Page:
Russia trying to steal COVID-19 vaccine data, say UK, U.S. and Canada
By William James and Steve Scherer
LONDON/OTTAWA, July 16 (Reuters) - Hackers backed by the Russian state are trying to steal COVID-19 vaccine and treatment research from academic and pharmaceutical institutions around the world, Britain's National Cyber Security Centre (NCSC) said on Thursday.
A co-ordinated statement from Britain, the United States and Canada attributed the attacks to group APT29, also known as 'Cozy Bear', which they said was almost certainly operating as part of Russian intelligence services.
"We condemn these despicable attacks against those doing vital work to combat the coronavirus pandemic," said NCSC Director of Operations, Paul Chichester.
British foreign minister Dominic Raab said it was "completely unacceptable" for Russian intelligence services to target work on the pandemic.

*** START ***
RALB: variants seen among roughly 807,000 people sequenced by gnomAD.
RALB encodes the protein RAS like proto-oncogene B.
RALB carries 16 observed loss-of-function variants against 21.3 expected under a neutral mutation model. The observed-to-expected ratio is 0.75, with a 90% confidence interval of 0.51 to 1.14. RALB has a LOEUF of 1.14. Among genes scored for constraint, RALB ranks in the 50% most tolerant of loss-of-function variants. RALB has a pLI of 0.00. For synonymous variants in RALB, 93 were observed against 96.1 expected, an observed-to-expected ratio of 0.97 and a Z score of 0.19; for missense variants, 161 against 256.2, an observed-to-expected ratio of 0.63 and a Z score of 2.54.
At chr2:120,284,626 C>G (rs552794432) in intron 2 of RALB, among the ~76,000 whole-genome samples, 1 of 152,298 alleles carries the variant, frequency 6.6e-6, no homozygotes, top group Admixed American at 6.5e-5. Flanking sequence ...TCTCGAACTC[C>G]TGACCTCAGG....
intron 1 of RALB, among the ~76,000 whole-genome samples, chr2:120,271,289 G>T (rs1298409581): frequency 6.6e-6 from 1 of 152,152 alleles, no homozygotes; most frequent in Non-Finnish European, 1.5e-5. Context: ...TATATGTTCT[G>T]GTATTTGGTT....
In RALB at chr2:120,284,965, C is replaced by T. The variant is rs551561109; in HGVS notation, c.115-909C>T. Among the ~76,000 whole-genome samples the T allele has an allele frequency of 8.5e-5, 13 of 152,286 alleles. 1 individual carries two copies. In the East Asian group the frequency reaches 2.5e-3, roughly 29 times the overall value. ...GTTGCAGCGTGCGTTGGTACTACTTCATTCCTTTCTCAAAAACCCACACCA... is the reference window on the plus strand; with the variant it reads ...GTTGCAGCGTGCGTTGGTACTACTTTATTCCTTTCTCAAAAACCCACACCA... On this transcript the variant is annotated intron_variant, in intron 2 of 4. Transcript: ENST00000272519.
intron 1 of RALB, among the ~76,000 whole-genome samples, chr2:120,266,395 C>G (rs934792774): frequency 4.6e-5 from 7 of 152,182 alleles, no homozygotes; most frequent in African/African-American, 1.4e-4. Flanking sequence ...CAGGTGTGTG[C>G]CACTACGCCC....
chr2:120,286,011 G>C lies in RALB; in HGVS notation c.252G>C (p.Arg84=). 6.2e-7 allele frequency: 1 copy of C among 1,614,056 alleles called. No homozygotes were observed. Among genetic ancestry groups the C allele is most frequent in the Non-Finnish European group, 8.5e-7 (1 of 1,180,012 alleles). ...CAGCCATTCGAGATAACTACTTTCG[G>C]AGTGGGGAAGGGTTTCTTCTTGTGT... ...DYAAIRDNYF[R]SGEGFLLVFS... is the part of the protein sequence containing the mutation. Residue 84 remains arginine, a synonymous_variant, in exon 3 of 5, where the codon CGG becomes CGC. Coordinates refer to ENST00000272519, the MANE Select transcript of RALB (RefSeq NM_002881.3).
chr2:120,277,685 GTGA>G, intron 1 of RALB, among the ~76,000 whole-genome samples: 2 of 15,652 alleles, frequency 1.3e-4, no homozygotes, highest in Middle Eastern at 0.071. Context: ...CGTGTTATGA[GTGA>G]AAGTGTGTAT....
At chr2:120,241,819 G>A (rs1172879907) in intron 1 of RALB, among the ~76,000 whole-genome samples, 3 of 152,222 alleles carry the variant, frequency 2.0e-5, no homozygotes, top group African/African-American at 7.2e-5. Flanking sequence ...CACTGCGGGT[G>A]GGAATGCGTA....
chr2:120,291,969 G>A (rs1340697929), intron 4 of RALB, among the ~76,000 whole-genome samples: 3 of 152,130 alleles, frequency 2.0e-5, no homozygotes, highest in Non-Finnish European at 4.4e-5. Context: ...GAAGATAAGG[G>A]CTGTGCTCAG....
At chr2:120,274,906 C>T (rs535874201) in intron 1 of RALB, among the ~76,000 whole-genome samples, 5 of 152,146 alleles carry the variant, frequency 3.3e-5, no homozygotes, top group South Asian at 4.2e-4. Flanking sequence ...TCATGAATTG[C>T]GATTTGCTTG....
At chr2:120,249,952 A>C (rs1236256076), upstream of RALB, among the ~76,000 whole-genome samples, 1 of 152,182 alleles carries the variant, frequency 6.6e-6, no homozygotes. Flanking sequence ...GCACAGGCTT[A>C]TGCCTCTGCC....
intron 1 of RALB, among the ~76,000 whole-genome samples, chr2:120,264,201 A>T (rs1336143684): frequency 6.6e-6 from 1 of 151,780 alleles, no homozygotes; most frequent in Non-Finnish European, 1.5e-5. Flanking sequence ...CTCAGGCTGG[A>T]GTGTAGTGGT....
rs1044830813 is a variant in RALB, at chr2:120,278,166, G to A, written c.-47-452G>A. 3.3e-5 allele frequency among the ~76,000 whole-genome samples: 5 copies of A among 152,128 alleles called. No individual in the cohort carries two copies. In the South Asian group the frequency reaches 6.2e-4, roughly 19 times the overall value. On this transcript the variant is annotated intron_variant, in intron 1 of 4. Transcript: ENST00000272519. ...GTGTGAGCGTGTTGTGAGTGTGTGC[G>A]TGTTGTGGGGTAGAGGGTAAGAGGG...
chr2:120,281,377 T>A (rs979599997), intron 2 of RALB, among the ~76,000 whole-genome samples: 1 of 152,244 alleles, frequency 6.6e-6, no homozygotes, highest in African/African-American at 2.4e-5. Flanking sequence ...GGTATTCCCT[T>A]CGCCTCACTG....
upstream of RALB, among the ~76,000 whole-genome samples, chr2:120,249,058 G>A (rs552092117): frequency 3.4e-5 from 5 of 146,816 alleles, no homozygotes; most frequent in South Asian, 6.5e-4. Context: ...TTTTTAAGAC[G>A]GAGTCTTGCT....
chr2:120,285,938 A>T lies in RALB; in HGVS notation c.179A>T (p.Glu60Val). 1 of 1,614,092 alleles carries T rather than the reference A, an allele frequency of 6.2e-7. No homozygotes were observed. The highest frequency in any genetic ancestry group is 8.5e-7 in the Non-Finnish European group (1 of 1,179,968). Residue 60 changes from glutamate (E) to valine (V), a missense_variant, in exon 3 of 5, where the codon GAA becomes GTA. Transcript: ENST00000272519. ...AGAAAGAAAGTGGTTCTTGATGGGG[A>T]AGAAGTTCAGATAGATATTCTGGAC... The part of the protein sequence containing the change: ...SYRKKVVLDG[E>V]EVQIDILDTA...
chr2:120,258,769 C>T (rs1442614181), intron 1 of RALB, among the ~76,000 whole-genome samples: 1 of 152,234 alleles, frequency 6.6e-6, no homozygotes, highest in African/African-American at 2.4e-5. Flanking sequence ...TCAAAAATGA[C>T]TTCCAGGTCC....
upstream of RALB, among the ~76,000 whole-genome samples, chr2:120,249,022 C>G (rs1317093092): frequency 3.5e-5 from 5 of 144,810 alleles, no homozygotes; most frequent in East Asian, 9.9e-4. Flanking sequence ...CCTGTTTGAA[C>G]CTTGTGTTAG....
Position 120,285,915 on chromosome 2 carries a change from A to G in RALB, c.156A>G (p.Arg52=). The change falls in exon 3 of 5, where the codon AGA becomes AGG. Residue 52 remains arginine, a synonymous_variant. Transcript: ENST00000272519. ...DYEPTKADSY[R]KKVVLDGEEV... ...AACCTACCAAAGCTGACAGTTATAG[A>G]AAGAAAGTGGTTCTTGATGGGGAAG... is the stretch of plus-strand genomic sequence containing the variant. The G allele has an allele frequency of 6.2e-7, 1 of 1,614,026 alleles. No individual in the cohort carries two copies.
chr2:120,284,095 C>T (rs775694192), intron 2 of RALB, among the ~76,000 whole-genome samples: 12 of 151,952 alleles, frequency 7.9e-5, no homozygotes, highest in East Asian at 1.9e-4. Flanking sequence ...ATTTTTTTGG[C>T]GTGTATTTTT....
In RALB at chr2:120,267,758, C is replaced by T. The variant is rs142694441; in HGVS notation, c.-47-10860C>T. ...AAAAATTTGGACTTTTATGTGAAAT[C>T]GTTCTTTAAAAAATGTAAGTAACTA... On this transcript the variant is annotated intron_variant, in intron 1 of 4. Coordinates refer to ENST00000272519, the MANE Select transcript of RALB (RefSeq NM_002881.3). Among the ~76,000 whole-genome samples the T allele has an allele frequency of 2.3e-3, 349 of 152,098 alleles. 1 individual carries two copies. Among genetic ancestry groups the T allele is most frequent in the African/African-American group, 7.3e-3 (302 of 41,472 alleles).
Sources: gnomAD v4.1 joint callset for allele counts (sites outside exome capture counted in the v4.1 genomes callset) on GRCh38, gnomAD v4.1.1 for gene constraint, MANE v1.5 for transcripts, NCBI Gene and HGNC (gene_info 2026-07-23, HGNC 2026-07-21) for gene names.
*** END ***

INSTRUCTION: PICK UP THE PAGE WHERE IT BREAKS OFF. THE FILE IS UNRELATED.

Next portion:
"While others pursue their selfish interests with reckless behaviour, the UK and its allies are getting on with the hard work of finding a vaccine and protecting global health," he said in a statement. He said Britain would work with allies to hold perpetrators to account.
The NCSC said the group's attacks were continuing and used a variety of tools and techniques, including spear-phishing and custom malware.
"APT29 is likely to continue to target organisations involved in COVID-19 vaccine research and development, as they seek to answer additional intelligence questions relating to the pandemic," the NCSC statement said.
Canadian authorities said the attacks were hindering response efforts and that risks to health organisations were elevated. Canada's signals intelligence and cyber threat centre advised institutions to take action to protect themselves.
Britain and the United States said in May that networks of hackers were targeting national and international organisations responding to the COVID-19 pandemic. But such attacks have not previously been explicitly connected to the Russian state.
The Russian government-linked group Cozy Bear is widely suspected of hacking the Democratic Party ahead of the 2016 U.S. election.
(Additional reporting by Elizabeth Piper; editing by Stephen Addison, William Maclean)
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